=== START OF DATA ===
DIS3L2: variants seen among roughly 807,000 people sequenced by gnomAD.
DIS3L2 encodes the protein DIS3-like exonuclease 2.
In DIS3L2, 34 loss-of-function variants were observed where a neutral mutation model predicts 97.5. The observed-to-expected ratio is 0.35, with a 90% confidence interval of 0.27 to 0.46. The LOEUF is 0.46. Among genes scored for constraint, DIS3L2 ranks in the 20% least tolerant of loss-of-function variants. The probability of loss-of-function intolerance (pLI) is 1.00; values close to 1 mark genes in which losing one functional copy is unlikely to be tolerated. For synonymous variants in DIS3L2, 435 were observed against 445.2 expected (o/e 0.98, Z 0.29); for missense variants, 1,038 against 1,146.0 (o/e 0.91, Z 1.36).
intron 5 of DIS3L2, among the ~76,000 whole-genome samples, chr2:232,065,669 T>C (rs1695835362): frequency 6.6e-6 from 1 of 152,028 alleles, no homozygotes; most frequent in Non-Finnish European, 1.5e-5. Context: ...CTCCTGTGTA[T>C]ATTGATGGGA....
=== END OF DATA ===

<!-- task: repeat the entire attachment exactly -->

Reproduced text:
DIS3L2: variants seen among roughly 807,000 people sequenced by gnomAD.
DIS3L2 encodes the protein DIS3-like exonuclease 2.
In DIS3L2, 34 loss-of-function variants were observed where a neutral mutation model predicts 97.5. The observed-to-expected ratio is 0.35, with a 90% confidence interval of 0.27 to 0.46. The LOEUF is 0.46. Among genes scored for constraint, DIS3L2 ranks in the 20% least tolerant of loss-of-function variants. The probability of loss-of-function intolerance (pLI) is 1.00; values close to 1 mark genes in which losing one functional copy is unlikely to be tolerated. For synonymous variants in DIS3L2, 435 were observed against 445.2 expected (o/e 0.98, Z 0.29); for missense variants, 1,038 against 1,146.0 (o/e 0.91, Z 1.36).
intron 5 of DIS3L2, among the ~76,000 whole-genome samples, chr2:232,065,669 T>C (rs1695835362): frequency 6.6e-6 from 1 of 152,028 alleles, no homozygotes; most frequent in Non-Finnish European, 1.5e-5. Context: ...CTCCTGTGTA[T>C]ATTGATGGGA....